19 March 2019 - Article
Facts of the Case
The judgment of Mr Justice Lewison in the High Court on 3 July 2007 is a lesson in how not to litigate. 19 out of 100 paragraphs were devoted to considering whether the claimants had the locus standi to bring their claim under s212 of the Insolvency Act 1986. By a narrow margin, the court found that it was more probable than not that at the date when Southill Finance Ltd (Southill) was wound up on 6 January 2005, the third claimant, Sedgemere Estate plc, was a creditor and that the first and second claimants were the assignees of Sedgemere’s claims and therefore entitled to pursue their claims against the first defendant (their claims against the second defendant having been compromised).
So, the first defendant Mr Broad, a director of Southill – if he had misapplied or retained or become accountable for any money or other property of the company or been guilty of any misfeasance or was in breach of any fiduciary or other duty in relation to the company – could be examined by the court and compelled by the court to repay, restore or account for that money or property or to contribute a sum to the company’s assets by way of compensation for misfeasance or breach of fiduciary duty.
But, unless the claim against Mr Broad was based on fraud, it would be statute barred, as s212 of the Insolvency Act does not create a new offence. Not surprisingly therefore, the case opened by Mr Brockman, counsel for the claimants, was for fraudulent breach of trust. The benefit of Mr Brockman was dispensed with by the claimants after the first 2 days of the trial and thereafter the second claimant, Mr Goodman, presented the claimants’ case.
Mr Justice Lewison applied the test of dishonesty as explained by the Privy Council in Barlow Clowes v Eurotrust International Ltd  1 All ER 333, finding that on this basis the claimants had to establish that Mr Broad:
i. acted in a way that was contrary to normally acceptable standards of honest conduct;
ii. was conscious of or deliberately turned a blind eye to those elements of the transaction in question that made his participation fall below those standards.
Six separate claims against Mr Broad were considered. Each one failed either due to a lack of evidence or inadequate pleadings or both. This included a claim in respect of a transfer of property – Numbers 18 and 20 Mill Road – from Southill to Mr Broad and Mr Mullarkey on 31 May 1989 for £135,000 in respect of which the court found that £85,000 was still owed to Southill in early 1994 and that this debt to Southill remained outstanding at the date of trial.
In deciding against the claimants, Mr Justice Lewison carefully limited the scope of the claimants’ claim to their pleaded case and reviewed the authorities and requirements for successfully pleading and proving intentional wrongdoing.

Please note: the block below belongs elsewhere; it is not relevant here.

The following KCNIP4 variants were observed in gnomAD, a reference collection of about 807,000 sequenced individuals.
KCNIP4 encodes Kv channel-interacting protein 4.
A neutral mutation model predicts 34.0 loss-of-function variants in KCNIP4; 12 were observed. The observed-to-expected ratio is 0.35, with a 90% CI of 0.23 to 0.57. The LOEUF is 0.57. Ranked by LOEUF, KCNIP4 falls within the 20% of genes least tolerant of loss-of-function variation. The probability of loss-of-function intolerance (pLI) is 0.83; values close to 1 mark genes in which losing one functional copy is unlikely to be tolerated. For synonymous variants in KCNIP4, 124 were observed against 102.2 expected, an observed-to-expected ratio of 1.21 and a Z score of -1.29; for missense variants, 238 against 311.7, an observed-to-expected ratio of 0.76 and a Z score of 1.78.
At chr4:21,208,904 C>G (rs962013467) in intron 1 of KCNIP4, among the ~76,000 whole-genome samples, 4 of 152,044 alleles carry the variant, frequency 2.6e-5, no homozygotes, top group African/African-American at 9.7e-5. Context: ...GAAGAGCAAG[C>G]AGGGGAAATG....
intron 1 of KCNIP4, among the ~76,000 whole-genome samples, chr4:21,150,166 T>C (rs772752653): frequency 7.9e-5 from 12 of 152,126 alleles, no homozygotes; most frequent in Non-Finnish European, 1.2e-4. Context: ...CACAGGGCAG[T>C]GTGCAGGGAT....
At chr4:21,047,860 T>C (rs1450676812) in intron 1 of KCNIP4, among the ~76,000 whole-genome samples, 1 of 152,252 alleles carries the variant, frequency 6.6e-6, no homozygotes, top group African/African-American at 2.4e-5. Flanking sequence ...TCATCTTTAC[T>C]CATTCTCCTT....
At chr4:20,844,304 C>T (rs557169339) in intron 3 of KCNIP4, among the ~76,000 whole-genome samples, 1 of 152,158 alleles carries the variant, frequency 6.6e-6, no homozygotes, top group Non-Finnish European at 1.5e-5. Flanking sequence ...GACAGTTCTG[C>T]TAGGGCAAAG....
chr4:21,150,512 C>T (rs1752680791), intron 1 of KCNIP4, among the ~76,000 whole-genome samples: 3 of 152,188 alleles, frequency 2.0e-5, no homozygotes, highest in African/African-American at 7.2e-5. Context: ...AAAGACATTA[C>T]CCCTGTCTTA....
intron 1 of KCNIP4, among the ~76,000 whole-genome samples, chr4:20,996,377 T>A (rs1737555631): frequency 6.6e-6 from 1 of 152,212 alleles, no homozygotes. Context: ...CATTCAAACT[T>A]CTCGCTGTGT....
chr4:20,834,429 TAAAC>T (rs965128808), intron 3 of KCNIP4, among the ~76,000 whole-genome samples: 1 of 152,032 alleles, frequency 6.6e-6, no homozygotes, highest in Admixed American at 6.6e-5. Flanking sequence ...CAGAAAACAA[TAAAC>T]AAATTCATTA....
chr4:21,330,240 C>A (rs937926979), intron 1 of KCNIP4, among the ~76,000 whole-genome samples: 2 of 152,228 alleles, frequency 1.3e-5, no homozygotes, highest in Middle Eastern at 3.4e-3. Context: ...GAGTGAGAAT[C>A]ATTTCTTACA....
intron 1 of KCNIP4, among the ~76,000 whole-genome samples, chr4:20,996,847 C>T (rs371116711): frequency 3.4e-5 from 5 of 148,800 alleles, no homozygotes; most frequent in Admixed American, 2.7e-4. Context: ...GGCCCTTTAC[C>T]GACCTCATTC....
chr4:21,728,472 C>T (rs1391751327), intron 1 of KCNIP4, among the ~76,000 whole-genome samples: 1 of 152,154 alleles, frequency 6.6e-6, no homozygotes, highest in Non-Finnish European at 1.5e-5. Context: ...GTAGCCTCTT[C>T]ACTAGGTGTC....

Points of Interest
Firstly, referring to Paragon Finance Plc v DB Thakerar & Co  1 All ER 400 (Paragon Finance) Mr Justice Lewison adopted the passage of Lord Justice Millett’s judgment in which he held that allegations of intentional wrongdoing (pleadings which alleged fraud, conspiracy to defraud, fraudulent breach of trust or intentional breach of fiduciary duty) and unintentional wrongdoing gave rise to distinct causes of action.
Secondly, he relied upon LJ Millett’s judgment in Armitage v Nurse  3 WLR 1046 which approved LJ Buckley’s clarification that while an allegation of dishonesty must be clearly pleaded, it was not necessary that the words ‘fraud’ or ‘dishonesty’ were used; that the facts alleged may sufficiently demonstrate that dishonesty is involved but where the facts are complicated this may not be so clear and in such a case “it is incumbent upon the pleadings to make it clear when dishonesty is alleged.” LJ Millett in that case usefully added that “In order to allege fraud it is not sufficient to sprinkle a pleading with words like ‘wilfully’ and ‘recklessly’ (but not ‘fraudulently’ or ‘dishonestly’). This may still leave it in doubt whether the words are being used in a technical sense or merely to give colour by way of pejorative emphasis to the complaint”.
Thirdly, Mr Justice Lewison relied upon LJ Millett’s criticisms of pleadings in Paragon Finance which included the helpful elucidation that “an allegation that the defendant ‘knew or ought to have known’ is not a clear and unequivocal allegation of actual knowledge and will not support a finding of fraud even if the court is satisfied that there was actual knowledge. An allegation that the defendant had actual knowledge of the existence of a fraud perpetrated by others and failed to disclose the fact to the victim is consistent with an inadvertent failure to make disclosure and is not a charge of fraud. It will not support a finding of fraud even if the court is satisfied that the failure to disclose was deliberate and dishonest.”
Finally, Mr Justice Lewison reviewed the standard of proof in cases of fraud. While accepting that the standard of proof of fraud in civil cases was ‘that of the balance of probabilities’ he relied upon the pragmatic way in which this was explained by Lord Nicholls of Birkenhead in Re H and Others (Minors)  AC 563 “The balance of probability standard means that a court is satisfied an event occurred if the court considers that, on the evidence, the occurrence of the event was more likely than not. When assessing the probabilities, the court will have in mind as a factor … that the more serious the allegation the less likely it is that the event occurred and, hence, the stronger should be the evidence before the court concludes that the allegation is established on the balance of probability…[T]his does not mean that where a serious allegation is in issue the standard of proof required is higher. It means only that … [t]he more improbable the event, the stronger must be the evidence that it did occur before, on the balance of probability, its occurrence will be established.”